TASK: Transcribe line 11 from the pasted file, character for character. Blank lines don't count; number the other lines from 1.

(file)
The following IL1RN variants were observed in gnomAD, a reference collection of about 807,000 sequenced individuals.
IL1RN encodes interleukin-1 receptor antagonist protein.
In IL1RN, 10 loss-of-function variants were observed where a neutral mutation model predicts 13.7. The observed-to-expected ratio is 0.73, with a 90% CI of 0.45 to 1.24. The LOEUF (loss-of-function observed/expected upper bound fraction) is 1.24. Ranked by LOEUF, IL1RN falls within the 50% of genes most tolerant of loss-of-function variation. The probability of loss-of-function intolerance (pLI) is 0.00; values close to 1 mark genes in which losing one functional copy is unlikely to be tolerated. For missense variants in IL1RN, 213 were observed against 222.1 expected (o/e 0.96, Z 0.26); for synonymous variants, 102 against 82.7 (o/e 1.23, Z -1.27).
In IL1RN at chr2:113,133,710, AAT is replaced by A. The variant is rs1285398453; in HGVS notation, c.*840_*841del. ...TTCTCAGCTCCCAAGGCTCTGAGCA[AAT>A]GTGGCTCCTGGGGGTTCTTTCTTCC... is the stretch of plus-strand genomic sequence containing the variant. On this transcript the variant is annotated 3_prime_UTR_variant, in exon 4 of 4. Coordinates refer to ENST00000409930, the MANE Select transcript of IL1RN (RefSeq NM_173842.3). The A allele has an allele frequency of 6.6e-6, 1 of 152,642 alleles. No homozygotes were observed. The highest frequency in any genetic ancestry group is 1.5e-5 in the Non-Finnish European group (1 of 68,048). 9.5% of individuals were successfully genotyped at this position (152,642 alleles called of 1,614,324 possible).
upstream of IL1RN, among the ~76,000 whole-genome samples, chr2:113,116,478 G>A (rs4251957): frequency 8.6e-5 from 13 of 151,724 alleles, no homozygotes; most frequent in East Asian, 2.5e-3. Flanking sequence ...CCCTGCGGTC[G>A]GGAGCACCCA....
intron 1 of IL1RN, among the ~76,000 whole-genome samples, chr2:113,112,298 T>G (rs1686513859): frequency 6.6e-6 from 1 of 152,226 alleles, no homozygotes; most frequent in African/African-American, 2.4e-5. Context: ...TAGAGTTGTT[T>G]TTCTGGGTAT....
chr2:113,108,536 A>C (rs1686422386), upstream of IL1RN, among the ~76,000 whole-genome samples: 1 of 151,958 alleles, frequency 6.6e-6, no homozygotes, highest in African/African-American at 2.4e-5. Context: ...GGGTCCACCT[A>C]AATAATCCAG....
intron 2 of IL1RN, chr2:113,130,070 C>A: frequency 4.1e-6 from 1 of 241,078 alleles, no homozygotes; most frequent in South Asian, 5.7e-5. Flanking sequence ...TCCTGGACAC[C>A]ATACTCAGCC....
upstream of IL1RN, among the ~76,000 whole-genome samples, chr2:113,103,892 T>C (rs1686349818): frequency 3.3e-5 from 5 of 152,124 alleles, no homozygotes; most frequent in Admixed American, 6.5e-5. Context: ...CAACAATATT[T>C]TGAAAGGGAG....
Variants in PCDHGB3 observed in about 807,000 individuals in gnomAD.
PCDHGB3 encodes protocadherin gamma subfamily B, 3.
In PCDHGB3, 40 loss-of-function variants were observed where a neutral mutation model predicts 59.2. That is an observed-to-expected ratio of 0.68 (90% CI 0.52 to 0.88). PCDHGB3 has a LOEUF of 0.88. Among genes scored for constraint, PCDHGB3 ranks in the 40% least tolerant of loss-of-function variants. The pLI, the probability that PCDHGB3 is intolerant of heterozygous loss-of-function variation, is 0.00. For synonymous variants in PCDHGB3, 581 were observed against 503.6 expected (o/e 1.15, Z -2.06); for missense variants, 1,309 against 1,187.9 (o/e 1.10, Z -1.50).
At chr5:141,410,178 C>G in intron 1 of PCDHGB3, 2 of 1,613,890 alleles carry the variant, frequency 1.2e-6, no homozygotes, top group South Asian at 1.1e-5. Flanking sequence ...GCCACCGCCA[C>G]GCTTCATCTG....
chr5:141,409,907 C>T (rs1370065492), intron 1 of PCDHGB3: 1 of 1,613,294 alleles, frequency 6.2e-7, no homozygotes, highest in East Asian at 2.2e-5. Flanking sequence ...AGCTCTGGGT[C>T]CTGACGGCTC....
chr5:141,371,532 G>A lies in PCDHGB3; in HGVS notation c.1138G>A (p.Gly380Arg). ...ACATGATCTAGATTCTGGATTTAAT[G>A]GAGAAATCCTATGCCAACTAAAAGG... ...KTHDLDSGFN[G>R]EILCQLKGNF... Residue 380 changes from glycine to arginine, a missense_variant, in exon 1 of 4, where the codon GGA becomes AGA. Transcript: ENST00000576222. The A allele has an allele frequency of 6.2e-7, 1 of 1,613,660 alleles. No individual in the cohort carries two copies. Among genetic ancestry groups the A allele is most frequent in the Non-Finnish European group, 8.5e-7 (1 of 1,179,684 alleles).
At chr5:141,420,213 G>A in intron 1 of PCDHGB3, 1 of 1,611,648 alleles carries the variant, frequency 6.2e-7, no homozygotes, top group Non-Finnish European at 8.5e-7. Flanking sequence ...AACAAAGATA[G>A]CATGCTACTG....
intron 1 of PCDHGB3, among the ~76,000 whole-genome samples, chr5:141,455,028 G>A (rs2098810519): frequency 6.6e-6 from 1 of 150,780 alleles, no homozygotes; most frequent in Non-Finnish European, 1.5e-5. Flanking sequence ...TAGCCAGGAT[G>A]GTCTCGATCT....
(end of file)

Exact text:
PCDHGB3 encodes protocadherin gamma subfamily B, 3.